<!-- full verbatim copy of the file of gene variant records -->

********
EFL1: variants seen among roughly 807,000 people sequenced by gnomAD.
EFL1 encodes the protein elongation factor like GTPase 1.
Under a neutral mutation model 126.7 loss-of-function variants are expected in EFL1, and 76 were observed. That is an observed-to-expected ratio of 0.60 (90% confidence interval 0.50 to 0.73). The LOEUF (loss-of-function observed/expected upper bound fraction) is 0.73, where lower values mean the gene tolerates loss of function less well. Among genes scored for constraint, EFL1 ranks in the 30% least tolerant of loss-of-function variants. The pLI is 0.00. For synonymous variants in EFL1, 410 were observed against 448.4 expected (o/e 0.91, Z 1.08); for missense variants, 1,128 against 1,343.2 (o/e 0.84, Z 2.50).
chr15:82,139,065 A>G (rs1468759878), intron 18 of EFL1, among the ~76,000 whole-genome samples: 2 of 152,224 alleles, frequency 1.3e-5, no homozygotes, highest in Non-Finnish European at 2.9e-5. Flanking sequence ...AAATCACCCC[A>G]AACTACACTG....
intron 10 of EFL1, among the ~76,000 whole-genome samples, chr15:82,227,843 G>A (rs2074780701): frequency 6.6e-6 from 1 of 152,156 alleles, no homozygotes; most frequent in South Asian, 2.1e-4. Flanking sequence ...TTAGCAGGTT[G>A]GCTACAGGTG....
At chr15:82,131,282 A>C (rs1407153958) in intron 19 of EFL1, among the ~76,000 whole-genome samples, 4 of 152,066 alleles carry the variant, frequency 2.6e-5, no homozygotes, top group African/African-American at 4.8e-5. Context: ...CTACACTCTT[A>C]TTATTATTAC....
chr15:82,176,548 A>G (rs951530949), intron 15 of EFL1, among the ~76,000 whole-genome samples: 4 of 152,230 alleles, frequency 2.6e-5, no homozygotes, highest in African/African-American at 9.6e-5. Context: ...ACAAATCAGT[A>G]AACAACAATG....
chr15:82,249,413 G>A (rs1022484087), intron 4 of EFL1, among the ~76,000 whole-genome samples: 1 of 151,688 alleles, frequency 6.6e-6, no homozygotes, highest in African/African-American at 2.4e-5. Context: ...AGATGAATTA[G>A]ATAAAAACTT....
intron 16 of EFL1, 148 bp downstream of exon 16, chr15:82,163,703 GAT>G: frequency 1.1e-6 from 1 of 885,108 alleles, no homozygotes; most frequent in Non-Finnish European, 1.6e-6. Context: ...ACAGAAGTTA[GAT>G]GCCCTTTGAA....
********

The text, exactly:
EFL1: variants seen among roughly 807,000 people sequenced by gnomAD.
EFL1 encodes the protein elongation factor like GTPase 1.
Under a neutral mutation model 126.7 loss-of-function variants are expected in EFL1, and 76 were observed. That is an observed-to-expected ratio of 0.60 (90% confidence interval 0.50 to 0.73). The LOEUF (loss-of-function observed/expected upper bound fraction) is 0.73, where lower values mean the gene tolerates loss of function less well. Among genes scored for constraint, EFL1 ranks in the 30% least tolerant of loss-of-function variants. The pLI is 0.00. For synonymous variants in EFL1, 410 were observed against 448.4 expected (o/e 0.91, Z 1.08); for missense variants, 1,128 against 1,343.2 (o/e 0.84, Z 2.50).
chr15:82,139,065 A>G (rs1468759878), intron 18 of EFL1, among the ~76,000 whole-genome samples: 2 of 152,224 alleles, frequency 1.3e-5, no homozygotes, highest in Non-Finnish European at 2.9e-5. Flanking sequence ...AAATCACCCC[A>G]AACTACACTG....
intron 10 of EFL1, among the ~76,000 whole-genome samples, chr15:82,227,843 G>A (rs2074780701): frequency 6.6e-6 from 1 of 152,156 alleles, no homozygotes; most frequent in South Asian, 2.1e-4. Flanking sequence ...TTAGCAGGTT[G>A]GCTACAGGTG....
At chr15:82,131,282 A>C (rs1407153958) in intron 19 of EFL1, among the ~76,000 whole-genome samples, 4 of 152,066 alleles carry the variant, frequency 2.6e-5, no homozygotes, top group African/African-American at 4.8e-5. Context: ...CTACACTCTT[A>C]TTATTATTAC....
chr15:82,176,548 A>G (rs951530949), intron 15 of EFL1, among the ~76,000 whole-genome samples: 4 of 152,230 alleles, frequency 2.6e-5, no homozygotes, highest in African/African-American at 9.6e-5. Context: ...ACAAATCAGT[A>G]AACAACAATG....
chr15:82,249,413 G>A (rs1022484087), intron 4 of EFL1, among the ~76,000 whole-genome samples: 1 of 151,688 alleles, frequency 6.6e-6, no homozygotes, highest in African/African-American at 2.4e-5. Context: ...AGATGAATTA[G>A]ATAAAAACTT....
intron 16 of EFL1, 148 bp downstream of exon 16, chr15:82,163,703 GAT>G: frequency 1.1e-6 from 1 of 885,108 alleles, no homozygotes; most frequent in Non-Finnish European, 1.6e-6. Context: ...ACAGAAGTTA[GAT>G]GCCCTTTGAA....